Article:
Fig. 3

Sketch illustrating the chip cross-section to highlight the two orthogonal views and constructive details. (Color figure online)

Fig. 4

Sketch of the optical system highlighting the optical paths of direct (red dashed line) and reflected (red continuous line) views. The optical path difference is corrected by the optical adapter. (Color figure online)

Microchannels with rectangular cross-sections and different aspect ratio, height and width can be fabricated using calibrated glass spacers of different thickness, highlighted in yellow in sketches of Figs. 23 and 4. Dimensional control of the geometry is achieved using auxiliary calibrated spacers as templates to guarantee channel dimensions and parallelism/orthogonality of the walls. Inlet and outlet sections of the main channel and inlet to the secondary channel are endowed with micro-cannulas for connection through tygon tubes to the respective pumps and waste, tight sealing being ensured by cyanoacrylate glue.
Fig. 5

Simultaneous view of the bubble forming at the junction. Raw data correspond to a snapshot taken with the fast camera at \(3200\, \mathrm{fps}\). The direct/reflected view is shown in the lower/upper part of the image, respectively. The optical adapter allows both images to be in focus. The different shading is due to the lighting system: microscope lamp in the direct view and auxiliary LED in the reflected view

The double optical access through orthogonal planes allows to visualize the bubble formation and break-up in the two planar views, (xy) and (zx), respectively, (see the sketch in Fig. 2 for the definition of the coordinate system). The new chip allows for simultaneously capturing both images with a single inverted microscope. This is achieved by integrating a \(45^\circ\) inclined mirror on the side slide as shown in Fig. 4. In the present arrangement the (xy) view, hereafter called direct view, is directly captured by the objective. The (zx) view is instead first reflected on the mirror, reflected view. To simultaneously focus both views, the two optical paths should be identical. This requires the interposition of an optical adapter, here a simple calibrated glass spacer. From the geometry of the optical system, the refraction indices of the materials and the desired positions of the focal planes as well as the thickness of the glass spacer can be easily evaluated, see Appendix A for details.

A good quality micro-mirror is fabricated by evaporating a reflective metal on the surface obtained by cutting a \(150\, \upmu \mathrm{m}\)-thickness glass slide. A Bulzers evaporator was used to deposit, under vacuum, a 300 Å Aluminium layer on top of a first 150 Å Chrome layer to promote adhesion. In the practical design of the microchip in its basic configuration proposed here, a critical aspect is combining the two conflicting requirements of wide field to include the views in the two orthogonal planes in a single image and sufficient magnification to allow for a precise \(\mu\)PIV measurement. To this purpose, it is instrumental to minimize the thickness (\(150\, \upmu \mathrm{m}\) in the present realization) of the side slide (Fig. 4) that is imaged in the composite view capturing the two orthogonal planes, Fig. 5.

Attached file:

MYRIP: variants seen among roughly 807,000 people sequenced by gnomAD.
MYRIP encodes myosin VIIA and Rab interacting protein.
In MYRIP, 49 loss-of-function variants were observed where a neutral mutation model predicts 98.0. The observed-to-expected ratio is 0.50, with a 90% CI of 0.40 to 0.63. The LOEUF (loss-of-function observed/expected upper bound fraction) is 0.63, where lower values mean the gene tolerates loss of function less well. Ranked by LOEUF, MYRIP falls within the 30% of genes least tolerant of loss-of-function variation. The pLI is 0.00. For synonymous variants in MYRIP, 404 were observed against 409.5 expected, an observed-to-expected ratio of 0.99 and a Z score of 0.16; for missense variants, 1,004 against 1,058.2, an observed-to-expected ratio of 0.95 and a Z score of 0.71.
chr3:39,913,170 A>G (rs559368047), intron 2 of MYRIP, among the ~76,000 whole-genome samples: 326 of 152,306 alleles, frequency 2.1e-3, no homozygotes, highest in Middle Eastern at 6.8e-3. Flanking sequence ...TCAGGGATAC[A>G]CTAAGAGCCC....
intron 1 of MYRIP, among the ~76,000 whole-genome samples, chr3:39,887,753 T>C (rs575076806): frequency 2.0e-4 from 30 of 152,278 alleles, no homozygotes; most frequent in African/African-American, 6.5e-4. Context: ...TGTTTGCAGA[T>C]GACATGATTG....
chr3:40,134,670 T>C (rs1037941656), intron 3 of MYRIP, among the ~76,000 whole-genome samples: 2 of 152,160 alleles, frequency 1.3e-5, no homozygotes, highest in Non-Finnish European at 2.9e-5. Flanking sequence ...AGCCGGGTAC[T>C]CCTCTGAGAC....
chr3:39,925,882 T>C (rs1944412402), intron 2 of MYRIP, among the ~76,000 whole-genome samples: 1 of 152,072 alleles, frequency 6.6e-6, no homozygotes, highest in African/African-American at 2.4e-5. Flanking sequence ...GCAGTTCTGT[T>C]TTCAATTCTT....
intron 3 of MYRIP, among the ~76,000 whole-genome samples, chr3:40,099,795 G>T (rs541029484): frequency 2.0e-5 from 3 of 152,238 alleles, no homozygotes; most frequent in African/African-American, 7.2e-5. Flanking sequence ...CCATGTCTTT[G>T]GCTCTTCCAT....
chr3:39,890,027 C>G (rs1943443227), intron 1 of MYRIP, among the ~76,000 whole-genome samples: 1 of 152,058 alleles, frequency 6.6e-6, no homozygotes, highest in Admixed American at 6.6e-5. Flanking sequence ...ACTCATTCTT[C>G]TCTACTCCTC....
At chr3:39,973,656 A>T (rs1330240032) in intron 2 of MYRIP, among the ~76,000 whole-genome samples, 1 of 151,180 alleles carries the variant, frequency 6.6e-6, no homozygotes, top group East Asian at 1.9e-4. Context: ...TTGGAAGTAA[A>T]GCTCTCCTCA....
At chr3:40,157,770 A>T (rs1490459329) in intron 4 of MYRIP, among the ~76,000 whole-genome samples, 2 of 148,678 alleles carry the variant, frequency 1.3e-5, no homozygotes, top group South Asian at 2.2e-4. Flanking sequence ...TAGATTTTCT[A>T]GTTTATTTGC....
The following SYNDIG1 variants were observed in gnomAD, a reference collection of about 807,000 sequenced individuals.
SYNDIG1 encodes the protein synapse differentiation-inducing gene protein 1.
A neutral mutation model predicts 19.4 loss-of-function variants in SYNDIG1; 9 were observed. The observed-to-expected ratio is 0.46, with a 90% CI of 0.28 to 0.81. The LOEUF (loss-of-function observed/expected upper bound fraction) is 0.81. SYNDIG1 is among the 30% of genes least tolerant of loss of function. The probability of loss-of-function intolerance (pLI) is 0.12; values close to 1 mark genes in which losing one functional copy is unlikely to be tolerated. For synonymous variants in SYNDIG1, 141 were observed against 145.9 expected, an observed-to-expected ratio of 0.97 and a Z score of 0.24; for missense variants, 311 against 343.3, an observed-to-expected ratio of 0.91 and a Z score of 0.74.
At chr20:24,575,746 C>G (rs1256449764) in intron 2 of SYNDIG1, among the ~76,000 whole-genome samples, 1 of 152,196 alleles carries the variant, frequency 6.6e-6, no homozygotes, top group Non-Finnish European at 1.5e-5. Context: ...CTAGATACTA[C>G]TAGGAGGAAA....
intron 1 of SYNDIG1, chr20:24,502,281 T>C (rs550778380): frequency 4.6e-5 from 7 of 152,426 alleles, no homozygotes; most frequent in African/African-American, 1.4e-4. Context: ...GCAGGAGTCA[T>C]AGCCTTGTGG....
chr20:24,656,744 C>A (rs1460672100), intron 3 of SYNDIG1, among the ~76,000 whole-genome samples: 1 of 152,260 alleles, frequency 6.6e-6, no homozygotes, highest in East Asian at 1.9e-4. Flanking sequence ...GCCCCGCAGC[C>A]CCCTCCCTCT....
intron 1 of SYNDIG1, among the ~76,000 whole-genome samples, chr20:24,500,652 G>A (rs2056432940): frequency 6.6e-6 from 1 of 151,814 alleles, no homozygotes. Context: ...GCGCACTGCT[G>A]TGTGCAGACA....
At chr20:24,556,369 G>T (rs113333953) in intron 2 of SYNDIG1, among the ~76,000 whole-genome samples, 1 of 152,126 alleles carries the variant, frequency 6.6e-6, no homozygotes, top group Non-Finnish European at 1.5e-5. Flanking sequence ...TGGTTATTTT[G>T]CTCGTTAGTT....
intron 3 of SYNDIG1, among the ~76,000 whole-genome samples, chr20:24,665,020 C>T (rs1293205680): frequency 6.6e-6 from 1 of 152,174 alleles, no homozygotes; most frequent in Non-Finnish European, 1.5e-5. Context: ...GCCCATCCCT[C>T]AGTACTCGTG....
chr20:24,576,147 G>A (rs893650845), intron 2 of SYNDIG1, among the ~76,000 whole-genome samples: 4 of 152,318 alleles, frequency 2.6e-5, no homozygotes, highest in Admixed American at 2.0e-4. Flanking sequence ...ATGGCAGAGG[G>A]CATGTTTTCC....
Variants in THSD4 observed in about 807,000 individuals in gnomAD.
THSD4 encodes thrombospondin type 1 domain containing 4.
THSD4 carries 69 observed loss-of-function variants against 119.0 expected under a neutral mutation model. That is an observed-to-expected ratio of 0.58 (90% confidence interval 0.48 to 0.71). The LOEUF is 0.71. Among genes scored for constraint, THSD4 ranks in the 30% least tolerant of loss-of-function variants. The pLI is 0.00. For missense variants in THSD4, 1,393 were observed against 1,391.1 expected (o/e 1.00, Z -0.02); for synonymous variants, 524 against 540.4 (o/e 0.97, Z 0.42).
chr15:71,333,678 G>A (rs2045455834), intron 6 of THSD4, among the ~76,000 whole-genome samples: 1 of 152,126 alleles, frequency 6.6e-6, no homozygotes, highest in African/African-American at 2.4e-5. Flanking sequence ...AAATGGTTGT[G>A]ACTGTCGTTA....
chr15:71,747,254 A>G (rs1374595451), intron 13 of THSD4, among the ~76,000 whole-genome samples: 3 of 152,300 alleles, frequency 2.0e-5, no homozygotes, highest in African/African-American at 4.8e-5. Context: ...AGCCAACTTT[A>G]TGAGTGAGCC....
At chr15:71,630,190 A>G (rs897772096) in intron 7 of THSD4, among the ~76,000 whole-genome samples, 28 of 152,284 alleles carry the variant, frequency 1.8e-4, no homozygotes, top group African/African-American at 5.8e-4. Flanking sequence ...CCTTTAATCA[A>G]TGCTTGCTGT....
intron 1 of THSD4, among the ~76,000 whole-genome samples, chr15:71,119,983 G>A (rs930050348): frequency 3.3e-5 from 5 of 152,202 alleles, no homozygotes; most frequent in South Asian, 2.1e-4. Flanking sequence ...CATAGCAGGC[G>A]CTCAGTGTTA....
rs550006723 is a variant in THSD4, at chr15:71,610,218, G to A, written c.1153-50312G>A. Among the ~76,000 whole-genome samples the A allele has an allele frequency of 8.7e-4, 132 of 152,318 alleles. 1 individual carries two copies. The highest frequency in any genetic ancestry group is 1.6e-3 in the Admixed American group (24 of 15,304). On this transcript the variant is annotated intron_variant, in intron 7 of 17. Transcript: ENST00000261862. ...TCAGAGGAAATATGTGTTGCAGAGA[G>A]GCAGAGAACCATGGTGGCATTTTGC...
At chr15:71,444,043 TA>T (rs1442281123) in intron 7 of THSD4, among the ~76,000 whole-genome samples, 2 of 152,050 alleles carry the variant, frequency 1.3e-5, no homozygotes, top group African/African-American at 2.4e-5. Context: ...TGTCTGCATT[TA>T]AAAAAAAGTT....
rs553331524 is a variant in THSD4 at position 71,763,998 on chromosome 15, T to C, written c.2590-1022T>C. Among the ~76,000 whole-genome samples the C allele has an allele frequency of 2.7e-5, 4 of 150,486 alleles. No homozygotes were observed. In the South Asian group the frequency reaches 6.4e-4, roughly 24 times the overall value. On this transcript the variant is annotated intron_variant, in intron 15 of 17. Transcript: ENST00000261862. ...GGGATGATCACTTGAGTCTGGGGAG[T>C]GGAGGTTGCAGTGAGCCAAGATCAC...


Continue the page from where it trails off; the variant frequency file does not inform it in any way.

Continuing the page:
2.2 Flow calibration

The operational regime of the T-junction depends on the flow rates of the fluids, the viscosity of the two phases, the surface tension and the dimensions of the channels (Garstecki et al. 2006). Figure 6 is a compilation of data (Nunes et al. 2013) showing the phase diagram with the different observed flow regimes where the ordinate is the ratio of disperse, \(Q_\mathrm{{d}}\), (gas in our case) to continuous \(Q_\mathrm{{c}}\) (liquid) phase flow rates. The abscissa reports the capillary number, \(\mathrm{{Ca}} = Q_\mathrm{{c}}\mu /(A \gamma )\), where \(\mu\) is the dynamic viscosity of the continuous phase, \(\gamma\) the surface tension and \(A = h w\) the area of the main channel cross-section. Bubble are formed in two regimes. Below a lower capillary number threshold, the T-junction works in the so-called squeezing regime. Above an upper threshold the bubble starts dripping (dripping regime). Between these two critical values for the capillary number a transitions region, centred around \(\mathrm{Ca} \simeq 0.01\), separates the two stable modes of operation. The cross reported in Fig. 6 indicates the conditions used for the data analysis to be discussed in the following, corresponding to \(Q_\mathrm{{d}}/Q_\mathrm{{c}} = 1.3\) and capillary number \(\mathrm{Ca} = 6.19 \times 10^{-3}\).
Fig. 6

Compilation of literature data corresponding to the different regimes observed in a T-junction (Nunes et al. 2013). The cross indicates the working point used to collect the data in the novel, double view chip